Candidates On: Assessing a Garbage Fee

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As part of CityBeat's continuing election coverage, we’ve once again sent a questionnaire to the non-incumbent Cincinnati City Council candidates to get their reactions on a broad range of issues.

Nine of the 14 non-incumbents chose to answer our questions. Others either didn’t respond or couldn’t meet the deadline.

During the next few weeks, we will print the responses from the non-incumbents to a different topic each time.

Today’s question is, “City Manager Milton Dohoney Jr. has proposed a garbage collection fee which, so far, City Council has resisted. What is your stance on this fee?”—-

Mike Allen (Independent): “I am not in favor of a garbage collection fee. I am in favor of opening garbage collection, and many other services, to managed competition. When municipal workers are permitted to fairly compete, they win the job nearly 70 percent of the time. However, they find ways to provide these services with newfound efficiency and lower costs.”

Kevin Flynn (Charterite): “As presently proposed, I oppose the garbage fee. Call it what you want, a garbage fee is a tax, and a regressive tax at that. The need for the garbage tax goes back to the fact that garbage collection is, besides Public Safety, the other major component of the General Operating Budget. Unless we are willing to look at city finances as a whole, instead of focusing on only one piece, we will forever be facing this false argument. Let’s share capital between departments, analyze our Water Works and Sewer departments, audit SORTA, and enhance revenue collection of our existing taxes and fees before we raise taxes on those least able to afford the increase.”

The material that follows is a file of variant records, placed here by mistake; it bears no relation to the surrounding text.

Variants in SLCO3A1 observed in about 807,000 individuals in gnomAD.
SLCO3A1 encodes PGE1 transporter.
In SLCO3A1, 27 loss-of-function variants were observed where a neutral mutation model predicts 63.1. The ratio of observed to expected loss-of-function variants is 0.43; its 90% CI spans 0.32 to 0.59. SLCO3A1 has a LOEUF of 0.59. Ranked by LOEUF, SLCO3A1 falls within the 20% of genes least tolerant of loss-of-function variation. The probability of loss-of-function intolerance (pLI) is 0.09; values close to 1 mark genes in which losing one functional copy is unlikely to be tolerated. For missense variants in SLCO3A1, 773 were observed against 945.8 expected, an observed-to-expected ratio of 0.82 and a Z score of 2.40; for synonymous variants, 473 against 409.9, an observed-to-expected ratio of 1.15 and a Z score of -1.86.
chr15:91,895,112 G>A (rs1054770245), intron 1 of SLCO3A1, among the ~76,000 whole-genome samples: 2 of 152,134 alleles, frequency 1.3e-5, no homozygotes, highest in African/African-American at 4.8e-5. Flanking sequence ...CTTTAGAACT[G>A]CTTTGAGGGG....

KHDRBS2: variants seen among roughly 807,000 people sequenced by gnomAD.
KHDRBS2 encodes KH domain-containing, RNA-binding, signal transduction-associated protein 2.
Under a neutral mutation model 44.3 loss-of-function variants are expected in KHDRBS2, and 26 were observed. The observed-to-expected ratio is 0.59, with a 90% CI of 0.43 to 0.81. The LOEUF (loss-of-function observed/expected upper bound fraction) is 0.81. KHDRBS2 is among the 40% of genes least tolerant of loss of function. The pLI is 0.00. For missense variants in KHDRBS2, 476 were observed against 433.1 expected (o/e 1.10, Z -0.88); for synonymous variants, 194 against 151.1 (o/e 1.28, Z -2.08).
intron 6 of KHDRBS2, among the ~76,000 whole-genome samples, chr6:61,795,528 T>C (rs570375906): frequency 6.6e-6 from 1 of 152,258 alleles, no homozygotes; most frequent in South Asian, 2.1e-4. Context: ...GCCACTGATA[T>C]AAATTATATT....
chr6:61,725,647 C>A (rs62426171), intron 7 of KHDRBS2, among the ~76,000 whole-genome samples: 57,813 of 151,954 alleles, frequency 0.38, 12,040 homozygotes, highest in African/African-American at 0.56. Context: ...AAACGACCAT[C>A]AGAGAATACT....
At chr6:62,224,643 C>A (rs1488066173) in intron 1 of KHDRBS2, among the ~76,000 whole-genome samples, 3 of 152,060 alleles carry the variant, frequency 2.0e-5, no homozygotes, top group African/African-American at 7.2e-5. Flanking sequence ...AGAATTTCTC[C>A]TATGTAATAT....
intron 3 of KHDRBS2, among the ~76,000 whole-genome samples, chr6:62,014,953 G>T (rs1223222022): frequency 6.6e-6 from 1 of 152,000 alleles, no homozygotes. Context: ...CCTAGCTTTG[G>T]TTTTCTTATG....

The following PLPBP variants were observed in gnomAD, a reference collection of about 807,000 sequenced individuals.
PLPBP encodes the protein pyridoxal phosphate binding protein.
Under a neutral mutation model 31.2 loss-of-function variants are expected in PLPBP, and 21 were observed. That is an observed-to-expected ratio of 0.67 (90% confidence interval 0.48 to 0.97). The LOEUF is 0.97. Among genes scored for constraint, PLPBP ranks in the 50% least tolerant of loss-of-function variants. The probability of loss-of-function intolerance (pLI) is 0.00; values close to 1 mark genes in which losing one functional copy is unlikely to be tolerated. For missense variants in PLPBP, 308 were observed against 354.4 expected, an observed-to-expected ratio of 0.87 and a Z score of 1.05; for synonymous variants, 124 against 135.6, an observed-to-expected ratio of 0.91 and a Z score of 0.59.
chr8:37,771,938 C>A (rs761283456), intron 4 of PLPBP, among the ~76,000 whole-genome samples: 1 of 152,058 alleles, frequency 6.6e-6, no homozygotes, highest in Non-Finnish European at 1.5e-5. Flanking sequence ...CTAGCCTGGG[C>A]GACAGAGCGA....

Nicholas Hollan (Democrat): “Cincinnati is facing an economic crisis due to a lack of revenue. Drastic cuts have been made across most departments and it is clear we aren’t going to cut our way out of this challenge. As such, I am open to instating a modest garbage collection fee in an effort for the city to balance the budget and still provide basic services.”

Patricia McCollum (Independent): “I am against a garbage collection fee which is attached to an existing service.”

Catherine Smith Mills (Republican): “I do not support a trash fee.”

Sandra Queen Noble (Independent): “He's a morpher, over-charging folks for the grand larceny committed by public and staff officials dipping in the till. In '05, I ran for mayor. I offered a guaranteed cure for male-pattern baldness. I'd still do Mr. Dohoney, damn!”

Jason Riveiro (Democrat): “I believe in making recycling a program everyone wants to participate in. Garbage is a basic city service. I want to incentivize recycling instead of creating roadblocks for individuals; however, I am not in favor of a ballot initiative to tie our options in the future. I want to support the (Office of Environmental Quality) and use their ideas for revenue generation through recycling and other green initiatives as a the way to treat garbage.”

Chris Seelbach (Democrat): “I support a 'pay-as-you-throw fee,' which encourages less consumption and more reusing/ recycling. Almost every City our size has a garbage fee, but we shouldn’t charge the same amount to a household that consistently throws away everything they consume, opposed to a family who recycles and reuses as much as possible. This program would have a maximum and minimum fee and, depending on the weight of the trash, residents would pay along a sliding scale based on the previous months weight totals.”

P.G. Sittenfeld (Democrat): “I do not support a garbage fee. Taxpayer dollars should support basic services, and that includes trash pick-up.”

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